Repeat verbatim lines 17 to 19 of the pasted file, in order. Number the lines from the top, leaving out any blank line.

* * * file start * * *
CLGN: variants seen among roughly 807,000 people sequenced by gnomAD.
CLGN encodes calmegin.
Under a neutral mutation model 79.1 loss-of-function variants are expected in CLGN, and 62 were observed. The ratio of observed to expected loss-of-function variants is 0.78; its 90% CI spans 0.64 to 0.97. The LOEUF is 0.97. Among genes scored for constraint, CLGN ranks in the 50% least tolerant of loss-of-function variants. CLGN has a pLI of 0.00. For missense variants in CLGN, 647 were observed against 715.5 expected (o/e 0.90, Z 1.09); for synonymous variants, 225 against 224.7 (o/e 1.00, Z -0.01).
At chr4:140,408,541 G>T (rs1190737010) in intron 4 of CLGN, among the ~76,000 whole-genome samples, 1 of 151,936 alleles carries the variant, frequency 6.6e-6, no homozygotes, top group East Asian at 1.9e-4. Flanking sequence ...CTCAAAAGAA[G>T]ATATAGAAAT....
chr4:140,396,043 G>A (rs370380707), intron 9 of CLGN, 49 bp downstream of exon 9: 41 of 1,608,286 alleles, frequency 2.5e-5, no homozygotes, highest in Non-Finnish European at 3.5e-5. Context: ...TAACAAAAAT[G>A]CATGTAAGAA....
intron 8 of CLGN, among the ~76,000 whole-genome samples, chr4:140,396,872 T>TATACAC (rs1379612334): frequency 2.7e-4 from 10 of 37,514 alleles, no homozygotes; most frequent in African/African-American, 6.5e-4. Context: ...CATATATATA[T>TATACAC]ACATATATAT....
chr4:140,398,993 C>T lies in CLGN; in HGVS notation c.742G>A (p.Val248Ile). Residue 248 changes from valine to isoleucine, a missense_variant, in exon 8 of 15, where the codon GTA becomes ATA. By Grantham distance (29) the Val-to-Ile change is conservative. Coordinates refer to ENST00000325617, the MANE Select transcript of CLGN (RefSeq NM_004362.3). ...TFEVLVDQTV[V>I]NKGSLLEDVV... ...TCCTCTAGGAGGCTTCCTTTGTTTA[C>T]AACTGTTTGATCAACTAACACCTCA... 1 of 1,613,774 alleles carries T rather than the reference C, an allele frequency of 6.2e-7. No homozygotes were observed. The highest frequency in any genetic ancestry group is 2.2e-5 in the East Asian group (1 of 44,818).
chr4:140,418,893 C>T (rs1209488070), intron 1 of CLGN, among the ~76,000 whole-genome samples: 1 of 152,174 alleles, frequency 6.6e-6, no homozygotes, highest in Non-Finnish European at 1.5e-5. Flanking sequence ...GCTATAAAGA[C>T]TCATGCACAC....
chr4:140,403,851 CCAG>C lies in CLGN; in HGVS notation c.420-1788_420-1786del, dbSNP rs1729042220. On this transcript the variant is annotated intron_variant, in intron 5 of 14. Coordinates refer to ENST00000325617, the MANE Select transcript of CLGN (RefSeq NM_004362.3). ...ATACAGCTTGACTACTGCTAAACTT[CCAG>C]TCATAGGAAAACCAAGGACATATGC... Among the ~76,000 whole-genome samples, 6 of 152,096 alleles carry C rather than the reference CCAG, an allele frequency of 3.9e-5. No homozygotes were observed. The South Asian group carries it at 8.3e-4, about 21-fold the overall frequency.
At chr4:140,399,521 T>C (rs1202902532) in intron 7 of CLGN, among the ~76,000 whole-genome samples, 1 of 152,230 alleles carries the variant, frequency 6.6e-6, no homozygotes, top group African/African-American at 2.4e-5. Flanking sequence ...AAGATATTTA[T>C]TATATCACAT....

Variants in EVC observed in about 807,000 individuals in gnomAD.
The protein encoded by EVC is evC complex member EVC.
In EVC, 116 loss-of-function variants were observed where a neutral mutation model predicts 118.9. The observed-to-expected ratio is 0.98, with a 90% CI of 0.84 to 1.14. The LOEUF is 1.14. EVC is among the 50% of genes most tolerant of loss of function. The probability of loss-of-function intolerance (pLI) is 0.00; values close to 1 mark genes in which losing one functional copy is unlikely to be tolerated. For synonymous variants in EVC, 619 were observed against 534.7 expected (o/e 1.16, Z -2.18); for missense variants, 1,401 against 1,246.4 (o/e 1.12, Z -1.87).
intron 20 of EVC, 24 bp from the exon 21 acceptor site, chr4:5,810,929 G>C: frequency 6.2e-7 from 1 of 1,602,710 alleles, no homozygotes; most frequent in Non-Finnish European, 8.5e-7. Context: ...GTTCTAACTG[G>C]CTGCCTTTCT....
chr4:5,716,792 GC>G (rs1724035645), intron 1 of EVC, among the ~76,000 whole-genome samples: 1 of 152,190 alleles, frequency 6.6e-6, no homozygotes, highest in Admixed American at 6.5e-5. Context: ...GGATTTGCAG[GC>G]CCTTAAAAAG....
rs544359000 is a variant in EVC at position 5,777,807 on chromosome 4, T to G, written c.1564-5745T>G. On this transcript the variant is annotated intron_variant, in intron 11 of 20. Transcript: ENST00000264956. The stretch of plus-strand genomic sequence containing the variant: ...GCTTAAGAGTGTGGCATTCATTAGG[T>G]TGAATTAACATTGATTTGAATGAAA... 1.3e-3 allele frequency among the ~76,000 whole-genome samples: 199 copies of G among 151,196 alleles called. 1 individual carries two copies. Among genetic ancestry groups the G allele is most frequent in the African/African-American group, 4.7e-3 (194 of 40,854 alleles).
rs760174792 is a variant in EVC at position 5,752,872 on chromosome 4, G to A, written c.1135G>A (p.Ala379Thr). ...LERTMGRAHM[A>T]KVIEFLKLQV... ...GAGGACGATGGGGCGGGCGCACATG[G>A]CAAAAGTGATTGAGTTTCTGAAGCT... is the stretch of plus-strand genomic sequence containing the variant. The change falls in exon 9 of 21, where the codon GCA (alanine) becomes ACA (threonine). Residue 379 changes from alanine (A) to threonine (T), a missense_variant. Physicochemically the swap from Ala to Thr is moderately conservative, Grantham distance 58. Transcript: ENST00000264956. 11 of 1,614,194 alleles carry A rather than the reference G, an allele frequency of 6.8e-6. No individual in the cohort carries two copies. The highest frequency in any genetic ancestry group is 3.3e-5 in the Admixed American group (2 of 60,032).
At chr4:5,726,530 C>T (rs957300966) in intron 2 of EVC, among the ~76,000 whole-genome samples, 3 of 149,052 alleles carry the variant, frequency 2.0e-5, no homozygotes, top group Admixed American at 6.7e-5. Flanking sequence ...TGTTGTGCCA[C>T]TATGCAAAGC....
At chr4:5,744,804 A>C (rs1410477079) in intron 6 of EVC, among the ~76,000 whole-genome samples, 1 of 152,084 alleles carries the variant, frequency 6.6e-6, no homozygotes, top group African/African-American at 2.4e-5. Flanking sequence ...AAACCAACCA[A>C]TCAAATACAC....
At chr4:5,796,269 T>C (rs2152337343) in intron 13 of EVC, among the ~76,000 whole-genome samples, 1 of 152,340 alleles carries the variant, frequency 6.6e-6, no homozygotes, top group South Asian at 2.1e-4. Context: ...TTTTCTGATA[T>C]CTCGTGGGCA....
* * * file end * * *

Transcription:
rs760174792 is a variant in EVC at position 5,752,872 on chromosome 4, G to A, written c.1135G>A (p.Ala379Thr). ...LERTMGRAHM[A>T]KVIEFLKLQV... ...GAGGACGATGGGGCGGGCGCACATG[G>A]CAAAAGTGATTGAGTTTCTGAAGCT... is the stretch of plus-strand genomic sequence containing the variant. The change falls in exon 9 of 21, where the codon GCA (alanine) becomes ACA (threonine). Residue 379 changes from alanine (A) to threonine (T), a missense_variant. Physicochemically the swap from Ala to Thr is moderately conservative, Grantham distance 58. Transcript: ENST00000264956. 11 of 1,614,194 alleles carry A rather than the reference G, an allele frequency of 6.8e-6. No individual in the cohort carries two copies. The highest frequency in any genetic ancestry group is 3.3e-5 in the Admixed American group (2 of 60,032).
At chr4:5,726,530 C>T (rs957300966) in intron 2 of EVC, among the ~76,000 whole-genome samples, 3 of 149,052 alleles carry the variant, frequency 2.0e-5, no homozygotes, top group Admixed American at 6.7e-5. Flanking sequence ...TGTTGTGCCA[C>T]TATGCAAAGC....
At chr4:5,744,804 A>C (rs1410477079) in intron 6 of EVC, among the ~76,000 whole-genome samples, 1 of 152,084 alleles carries the variant, frequency 6.6e-6, no homozygotes, top group African/African-American at 2.4e-5. Flanking sequence ...AAACCAACCA[A>C]TCAAATACAC....